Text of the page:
If Perl reports that it cannot find the
../mysql/mysql.so module, the problem is
probably that Perl cannot locate the
libmysqlclient.so shared library. You should
be able to fix this problem by one of the following methods:
DBD::mysql distribution with
perl Makefile.PL -static -config rather
libmysqlclient.so to the directory
where your other shared libraries are located (probably
-L options used to compile
DBD::mysql to reflect the actual location
On Linux, you can add the path name of the directory where
libmysqlclient.so is located to the
Note that you may also need to modify the
options if there are other libraries that the linker fails to
find. For example, if the linker cannot find
libc because it is in
and the link command specifies
-L option to
-L/lib or add
-L/lib to the existing link command.
If you get the following errors from
DBD::mysql, you are probably using
gcc (or using an old binary compiled with
/usr/bin/perl: can't resolve symbol '__moddi3' /usr/bin/perl: can't resolve symbol '__divdi3'
-L/usr/lib/gcc-lib/... -lgcc to the link
command when the
mysql.so library gets built
(check the output from make for
mysql.so when you compile the Perl client).
-L option should specify the path name of the
libgcc.a is located on your
Another cause of this problem may be that Perl and MySQL are not both compiled with gcc. In this case, you can solve the mismatch by compiling both with gcc.
You may see the following error from
when you run the tests:
t/00base............install_driver(mysql) failed: Can't load '../blib/arch/auto/DBD/mysql/mysql.so' for module DBD::mysql: ../blib/arch/auto/DBD/mysql/mysql.so: undefined symbol: uncompress at /usr/lib/perl5/5.00503/i586-linux/DynaLoader.pm line 169.
This means that you need to include the
compression library on the link line. That can be done by changing
the following line in the file
$sysliblist .= " -lm";
Change that line to:
$sysliblist .= " -lm -lz";
After this, you must run make realclean and then proceed with the installation from the beginning.
If you want to install DBI on SCO, you have to edit the
xxx and each subdirectory. Note
that the following assumes gcc 2.95.2 or newer:
OLD: NEW: CC = cc CC = gcc CCCDLFLAGS = -KPIC -W1,-Bexport CCCDLFLAGS = -fpic CCDLFLAGS = -wl,-Bexport CCDLFLAGS = LD = ld LD = gcc -G -fpic LDDLFLAGS = -G -L/usr/local/lib LDDLFLAGS = -L/usr/local/lib LDFLAGS = -belf -L/usr/local/lib LDFLAGS = -L/usr/local/lib LD = ld LD = gcc -G -fpic OPTIMISE = -Od OPTIMISE = -O1 OLD: CCCFLAGS = -belf -dy -w0 -U M_XENIX -DPERL_SCO5 -I/usr/local/include NEW: CCFLAGS = -U M_XENIX -DPERL_SCO5 -I/usr/local/include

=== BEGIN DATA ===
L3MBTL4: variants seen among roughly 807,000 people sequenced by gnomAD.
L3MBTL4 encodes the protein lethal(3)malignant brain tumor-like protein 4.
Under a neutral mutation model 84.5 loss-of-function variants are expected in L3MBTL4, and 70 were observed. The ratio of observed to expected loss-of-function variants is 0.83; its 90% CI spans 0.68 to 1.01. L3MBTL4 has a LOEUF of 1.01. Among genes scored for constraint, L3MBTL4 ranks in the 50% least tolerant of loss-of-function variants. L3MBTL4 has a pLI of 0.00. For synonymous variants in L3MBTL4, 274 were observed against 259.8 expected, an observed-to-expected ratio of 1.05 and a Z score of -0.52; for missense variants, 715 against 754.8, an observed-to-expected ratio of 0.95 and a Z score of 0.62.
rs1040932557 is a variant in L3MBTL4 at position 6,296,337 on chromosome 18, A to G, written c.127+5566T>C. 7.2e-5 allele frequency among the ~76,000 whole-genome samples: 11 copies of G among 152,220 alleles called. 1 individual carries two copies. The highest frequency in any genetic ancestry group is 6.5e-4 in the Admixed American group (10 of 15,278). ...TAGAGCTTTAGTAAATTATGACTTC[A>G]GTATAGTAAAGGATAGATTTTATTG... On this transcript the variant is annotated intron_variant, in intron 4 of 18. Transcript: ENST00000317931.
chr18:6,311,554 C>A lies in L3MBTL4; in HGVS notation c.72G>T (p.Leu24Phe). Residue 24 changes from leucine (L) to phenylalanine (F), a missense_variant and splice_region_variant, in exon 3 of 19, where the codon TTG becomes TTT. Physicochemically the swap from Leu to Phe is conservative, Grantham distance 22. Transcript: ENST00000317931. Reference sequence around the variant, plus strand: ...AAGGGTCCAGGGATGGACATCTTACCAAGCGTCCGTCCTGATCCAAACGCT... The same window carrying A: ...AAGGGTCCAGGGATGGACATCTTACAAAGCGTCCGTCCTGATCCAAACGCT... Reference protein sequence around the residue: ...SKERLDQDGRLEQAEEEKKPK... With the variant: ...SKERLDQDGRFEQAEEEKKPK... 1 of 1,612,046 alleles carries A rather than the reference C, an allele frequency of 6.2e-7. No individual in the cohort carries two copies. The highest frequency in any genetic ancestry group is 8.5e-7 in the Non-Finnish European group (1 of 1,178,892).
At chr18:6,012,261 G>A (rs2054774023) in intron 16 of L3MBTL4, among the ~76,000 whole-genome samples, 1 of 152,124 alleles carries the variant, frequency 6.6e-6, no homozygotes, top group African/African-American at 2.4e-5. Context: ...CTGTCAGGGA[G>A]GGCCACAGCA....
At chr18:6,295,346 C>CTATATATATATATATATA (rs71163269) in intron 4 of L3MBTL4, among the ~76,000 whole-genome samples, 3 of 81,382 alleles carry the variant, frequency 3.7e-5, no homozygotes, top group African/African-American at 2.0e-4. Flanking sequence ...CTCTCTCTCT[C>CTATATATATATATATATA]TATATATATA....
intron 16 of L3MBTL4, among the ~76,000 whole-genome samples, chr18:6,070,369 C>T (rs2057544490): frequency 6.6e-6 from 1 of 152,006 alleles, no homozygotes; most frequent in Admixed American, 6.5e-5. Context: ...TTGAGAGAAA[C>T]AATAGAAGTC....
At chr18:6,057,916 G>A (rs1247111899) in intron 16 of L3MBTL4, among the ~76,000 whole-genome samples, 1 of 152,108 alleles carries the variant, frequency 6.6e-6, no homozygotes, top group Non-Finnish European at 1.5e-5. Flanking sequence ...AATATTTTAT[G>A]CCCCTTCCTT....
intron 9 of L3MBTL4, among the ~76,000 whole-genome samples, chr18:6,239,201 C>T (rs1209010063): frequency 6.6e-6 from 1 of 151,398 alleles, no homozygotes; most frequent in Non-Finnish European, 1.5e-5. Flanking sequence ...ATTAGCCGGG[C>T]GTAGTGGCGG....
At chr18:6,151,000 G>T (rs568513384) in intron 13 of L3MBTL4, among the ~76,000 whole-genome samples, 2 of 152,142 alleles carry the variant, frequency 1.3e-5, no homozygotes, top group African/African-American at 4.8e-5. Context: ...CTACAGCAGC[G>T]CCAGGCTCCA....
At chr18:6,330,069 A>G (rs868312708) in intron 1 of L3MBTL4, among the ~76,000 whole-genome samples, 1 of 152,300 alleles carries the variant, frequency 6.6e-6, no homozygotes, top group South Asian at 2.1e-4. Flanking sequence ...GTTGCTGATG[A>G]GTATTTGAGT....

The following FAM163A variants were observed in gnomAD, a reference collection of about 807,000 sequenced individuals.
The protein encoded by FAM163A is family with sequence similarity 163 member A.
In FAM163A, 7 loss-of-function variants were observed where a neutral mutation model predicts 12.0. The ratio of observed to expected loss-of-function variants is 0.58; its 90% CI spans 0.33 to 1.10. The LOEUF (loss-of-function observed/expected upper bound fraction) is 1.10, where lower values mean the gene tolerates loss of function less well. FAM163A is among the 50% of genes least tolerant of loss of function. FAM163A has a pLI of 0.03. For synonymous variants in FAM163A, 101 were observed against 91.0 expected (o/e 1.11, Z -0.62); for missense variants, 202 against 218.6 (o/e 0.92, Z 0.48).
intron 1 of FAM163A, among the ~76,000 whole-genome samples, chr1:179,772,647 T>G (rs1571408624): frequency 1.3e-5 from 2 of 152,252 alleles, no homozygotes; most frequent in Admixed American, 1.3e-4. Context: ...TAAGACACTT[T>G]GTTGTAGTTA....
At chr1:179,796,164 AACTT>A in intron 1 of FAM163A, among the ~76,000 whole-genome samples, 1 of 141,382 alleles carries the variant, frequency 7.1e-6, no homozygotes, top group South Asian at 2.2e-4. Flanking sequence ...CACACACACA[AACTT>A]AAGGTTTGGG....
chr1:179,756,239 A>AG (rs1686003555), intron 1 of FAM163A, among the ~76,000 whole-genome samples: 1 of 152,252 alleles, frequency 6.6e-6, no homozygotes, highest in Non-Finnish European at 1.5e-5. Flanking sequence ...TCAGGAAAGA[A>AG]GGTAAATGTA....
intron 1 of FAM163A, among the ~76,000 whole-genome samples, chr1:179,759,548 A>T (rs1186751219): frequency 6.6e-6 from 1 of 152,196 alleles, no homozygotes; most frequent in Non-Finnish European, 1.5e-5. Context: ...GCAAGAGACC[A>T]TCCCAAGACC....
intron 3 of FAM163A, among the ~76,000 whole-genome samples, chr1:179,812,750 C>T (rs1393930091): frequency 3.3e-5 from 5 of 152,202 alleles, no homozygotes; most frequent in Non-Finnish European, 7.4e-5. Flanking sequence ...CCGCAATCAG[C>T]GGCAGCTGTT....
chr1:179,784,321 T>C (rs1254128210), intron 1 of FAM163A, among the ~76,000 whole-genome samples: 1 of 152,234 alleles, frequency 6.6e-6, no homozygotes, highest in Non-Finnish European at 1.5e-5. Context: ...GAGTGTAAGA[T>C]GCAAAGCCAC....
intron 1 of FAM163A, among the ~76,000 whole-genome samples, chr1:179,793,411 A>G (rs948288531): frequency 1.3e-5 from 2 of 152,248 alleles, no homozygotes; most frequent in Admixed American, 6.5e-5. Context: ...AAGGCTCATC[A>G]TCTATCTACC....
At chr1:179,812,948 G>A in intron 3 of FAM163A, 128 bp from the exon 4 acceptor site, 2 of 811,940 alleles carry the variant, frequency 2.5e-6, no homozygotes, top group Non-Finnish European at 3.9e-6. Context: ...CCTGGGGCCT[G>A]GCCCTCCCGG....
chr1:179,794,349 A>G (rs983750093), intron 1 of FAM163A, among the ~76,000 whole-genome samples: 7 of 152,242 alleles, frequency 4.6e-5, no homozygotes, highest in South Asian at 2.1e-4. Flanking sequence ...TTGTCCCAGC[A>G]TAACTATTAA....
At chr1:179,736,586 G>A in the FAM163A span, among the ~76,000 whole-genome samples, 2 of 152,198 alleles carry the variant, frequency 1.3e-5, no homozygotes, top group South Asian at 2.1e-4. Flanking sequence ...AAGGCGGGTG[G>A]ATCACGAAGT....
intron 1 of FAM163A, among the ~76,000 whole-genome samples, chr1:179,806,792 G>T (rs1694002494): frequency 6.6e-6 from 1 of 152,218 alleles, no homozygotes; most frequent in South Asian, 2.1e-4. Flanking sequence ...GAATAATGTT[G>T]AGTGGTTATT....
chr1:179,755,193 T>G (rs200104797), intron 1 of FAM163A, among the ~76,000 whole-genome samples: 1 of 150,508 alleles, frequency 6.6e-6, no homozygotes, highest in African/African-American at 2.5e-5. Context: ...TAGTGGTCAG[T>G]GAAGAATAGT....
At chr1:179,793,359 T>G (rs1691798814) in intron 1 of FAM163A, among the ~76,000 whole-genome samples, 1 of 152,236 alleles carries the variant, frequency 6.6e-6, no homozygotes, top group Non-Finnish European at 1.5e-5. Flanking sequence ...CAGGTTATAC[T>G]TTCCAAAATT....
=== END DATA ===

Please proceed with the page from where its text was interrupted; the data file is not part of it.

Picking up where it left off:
These changes are necessary because the Perl dynaloader does not
DBI modules if they were compiled with
icc or cc.
If you want to use the Perl module on a system that does not
support dynamic linking (such as SCO), you can generate a static
version of Perl that includes
DBD::mysql. The way this works is that you
generate a version of Perl with the
linked in and install it on top of your current Perl. Then you use
that to build a version of Perl that additionally has the
DBD code linked in, and install that.
On SCO, you must have the following environment variables set:
LD_LIBRARY_PATH=/usr/lib:/lib:/usr/local/lib:/usr/ccs/lib:\ /usr/progressive/lib:/usr/skunk/lib LIBPATH=/usr/lib:/lib:/usr/local/lib:/usr/ccs/lib:\ /usr/progressive/lib:/usr/skunk/lib MANPATH=scohelp:/usr/man:/usr/local1/man:/usr/local/man:\ /usr/skunk/man:
First, create a Perl that includes a statically linked
DBI module by running these commands in the
directory where your
DBI distribution is
perl Makefile.PL -static -configshell>
Then, you must install the new Perl. The output of make perl indicates the exact make command you need to execute to perform the installation. On SCO, this is make -f Makefile.aperl inst_perl MAP_TARGET=perl.
Next, use the just-created Perl to create another Perl that also
includes a statically linked
running these commands in the directory where your
DBD::mysql distribution is located:
perl Makefile.PL -static -configshell>
Finally, you should install this new Perl. Again, the output of make perl indicates the command to use.